On a Plane
How many times has the person next to you on an airplane been an infant banshee or aggressive snorer—never a Mario Lopez doppelgänger, right? Matt remembers the moment Will walked on the plane. "I was like, 'This dude looks like AC Slater, and he's kind of adorable.'" Meanwhile, Will had been keeping tabs on the "good-looking businessman" since people-watching at the gate and was pleased to find they'd be sitting on the same row. While neither typically talks to strangers on flights, they exchanged pleasantries about sharing the empty middle seat between them, and Matt offered Will gum. Over 10 A.M. beers in Delta's Comfort+ (hey, they were free), they chatted about a joint love of Scandal and their favorite spots in San Antonio, where Matt was living and Will had been visiting family. "I said, 'Next time you're in town, we should hang out,'" Matt says. "I just took Will's phone out of his hand and put my number in as 'Matty Awesome Danelo,' which is still what it is today." Will concedes that "I didn't think it was going anywhere at first. I just thought he was cute and I was smiling a lot." But after touching down at JFK, the heavy flirting and deep conversation led to a lunch date before Matt had to catch his connecting flight. Soon after, Will texted about a return trip to Texas. "I picked him up from the airport and we were going to go out for a drink," says Matt. "He ended up staying with me for five days." Matt moved to New York a year later, and the pair have been together going on three years now.
Their tips for finding love in the air?
"It's about noncreepy observation," says Matt. "Will saw I was reading an entertainment magazine, so we talked about TV. The initial attraction sparked the conversation, then we realized we had similar interests and being stuck on a four-hour flight made a difference. It got very deep very quickly."
Matt and Will consider their shared love of traveling important for their relationship's start, but also its continuance: "Prioritize what you personally enjoy doing, and you'll meet like-minded people doing it," says Matt.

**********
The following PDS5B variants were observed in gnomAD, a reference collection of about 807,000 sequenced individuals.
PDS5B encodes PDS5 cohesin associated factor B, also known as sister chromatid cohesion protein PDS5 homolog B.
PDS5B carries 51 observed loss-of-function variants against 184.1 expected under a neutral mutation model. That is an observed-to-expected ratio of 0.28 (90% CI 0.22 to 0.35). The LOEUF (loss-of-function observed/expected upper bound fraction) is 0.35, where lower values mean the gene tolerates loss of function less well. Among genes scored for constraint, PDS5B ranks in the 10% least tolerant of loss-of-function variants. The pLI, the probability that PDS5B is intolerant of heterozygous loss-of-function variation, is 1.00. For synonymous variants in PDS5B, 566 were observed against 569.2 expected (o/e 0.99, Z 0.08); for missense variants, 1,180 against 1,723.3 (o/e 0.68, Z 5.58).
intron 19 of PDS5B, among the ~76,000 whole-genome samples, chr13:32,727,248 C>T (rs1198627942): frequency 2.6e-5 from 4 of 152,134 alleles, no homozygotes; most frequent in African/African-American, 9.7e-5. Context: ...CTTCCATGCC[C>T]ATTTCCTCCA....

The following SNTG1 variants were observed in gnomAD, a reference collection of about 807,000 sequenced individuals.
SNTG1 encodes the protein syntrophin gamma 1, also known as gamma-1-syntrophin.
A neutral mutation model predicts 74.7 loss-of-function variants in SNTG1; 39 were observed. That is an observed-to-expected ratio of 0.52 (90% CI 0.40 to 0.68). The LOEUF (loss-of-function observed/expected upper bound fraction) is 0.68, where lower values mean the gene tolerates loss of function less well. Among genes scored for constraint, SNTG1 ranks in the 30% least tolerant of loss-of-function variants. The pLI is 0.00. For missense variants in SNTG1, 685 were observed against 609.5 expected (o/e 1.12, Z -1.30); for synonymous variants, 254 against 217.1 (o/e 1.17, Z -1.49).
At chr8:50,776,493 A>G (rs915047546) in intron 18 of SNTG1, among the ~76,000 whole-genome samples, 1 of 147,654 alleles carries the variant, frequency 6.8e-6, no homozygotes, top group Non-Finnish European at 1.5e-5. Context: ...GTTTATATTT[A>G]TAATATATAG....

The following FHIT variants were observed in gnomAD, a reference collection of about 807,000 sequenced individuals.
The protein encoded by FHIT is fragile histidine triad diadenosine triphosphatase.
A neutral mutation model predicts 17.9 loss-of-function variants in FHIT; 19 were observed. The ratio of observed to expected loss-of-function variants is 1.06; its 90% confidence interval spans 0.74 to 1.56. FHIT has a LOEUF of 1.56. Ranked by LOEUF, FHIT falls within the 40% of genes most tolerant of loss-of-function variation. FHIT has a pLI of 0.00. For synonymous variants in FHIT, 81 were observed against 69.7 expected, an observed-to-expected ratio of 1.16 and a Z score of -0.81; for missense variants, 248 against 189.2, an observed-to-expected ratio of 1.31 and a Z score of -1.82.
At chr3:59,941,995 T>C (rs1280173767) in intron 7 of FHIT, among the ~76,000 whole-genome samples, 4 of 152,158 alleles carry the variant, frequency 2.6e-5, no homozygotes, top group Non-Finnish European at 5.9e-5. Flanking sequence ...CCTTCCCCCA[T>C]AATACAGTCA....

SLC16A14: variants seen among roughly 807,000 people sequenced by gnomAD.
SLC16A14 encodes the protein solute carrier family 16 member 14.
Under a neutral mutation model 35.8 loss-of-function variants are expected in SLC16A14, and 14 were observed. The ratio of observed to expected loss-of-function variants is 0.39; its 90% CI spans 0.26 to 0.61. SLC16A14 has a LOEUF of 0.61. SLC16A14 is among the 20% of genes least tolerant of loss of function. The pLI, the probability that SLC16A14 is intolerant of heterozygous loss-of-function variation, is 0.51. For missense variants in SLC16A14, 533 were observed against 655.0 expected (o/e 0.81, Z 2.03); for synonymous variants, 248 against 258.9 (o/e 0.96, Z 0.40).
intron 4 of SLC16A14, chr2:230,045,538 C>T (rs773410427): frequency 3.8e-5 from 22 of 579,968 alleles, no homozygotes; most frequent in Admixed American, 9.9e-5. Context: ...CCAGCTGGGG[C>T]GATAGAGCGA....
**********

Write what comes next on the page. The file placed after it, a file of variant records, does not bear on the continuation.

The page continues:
There's an argument to be made that vacation you is the best you: You're fun and relaxed, and when flip-flops come out, walls come down. When Caleb and Megan signed up for an eight-day trip to Bali through Under 30 Experiences, neither knew anyone going, and that was the appeal. "I like to travel alone because you can put yourself out there without reservations," says Caleb. "When you don't have to deal with social pressures of home, you can put the screen down and force yourself to be in a situation." Caleb introduced himself to Megan with a high-five, but it was Megan who made the first move with a kiss by the pool. "Caleb was outgoing, personable, funny—and he was a firefighter. That helped," she says. The spark didn't extinguish upon their return to the mainland, and five months later Megan moved to Chicago. Now they're getting married in October 2019. "I seriously wasn't looking for anything," Caleb maintains. "I just wanted to go to Bali and have a good time—and I did."
Their musings about bringing home an S.O. souvenir?
"When you're going somewhere brand new, you aren't necessarily prepared for what you're going to take in," says Caleb. "Without your usual comforts and surroundings, there may be things revealed about you that you never knew."
Meghan adds, "Be open to solo experiences. Making time to do things by yourself if there's something you're interested in gets you talking to people you don't talk to every day and out of your comfort zone."
An ideal relationship is about putting another before yourself, so what could be better training than philanthropy? This past summer, Matt and Amanda volunteered to ride in Bike Beyond, an initiative of the global diabetes nonprofit (and Nick Jonas passion project!) Beyond Type 1. The 10-week cycling tour spanned 70 cities from New York to San Francisco, and for the first few weeks riders were broken into teams. "Amanda and I ended up randomly in the same group almost every day," says Matt. They'd spend 8 to 12 hours a day in conversation while biking and raising funds for BT1. "We were in such an adventurous setting, it was the exercise endorphins, but also the way we relied on each other," says Amanda of what attracted her to Matt so quickly. "Matt was taking care of everyone else, like figuring out how to manage everyone's blood sugars." Matt and Amanda decided they were "together" just as they crossed into Colorado. "Now it's our favorite state," he jokes. But when they told the rest of the group, "They thought we'd been together since the end of the first week," says Amanda. A month after the tour ended, Amanda moved from San Francisco to Toronto, where Matt lives, and just accepted a job at a small diabetes charity focused mostly on kids. They got engaged this month.
Their remarks on organized kindness leading to kindred spirits?
"I've never thought about it like that," says Amanda, "but when I think back on random first online dates with people, those were self-focused: 'Will I like this person?' Volunteering this past summer was the least selfish I've been in my life, and I think that ended up bringing Matt and me closer."
"If you can share a significant passion with another person, by volunteering or just getting involved in things that they care about, that's huge," she continues. "It was so easy to fall in love, and we didn't even try."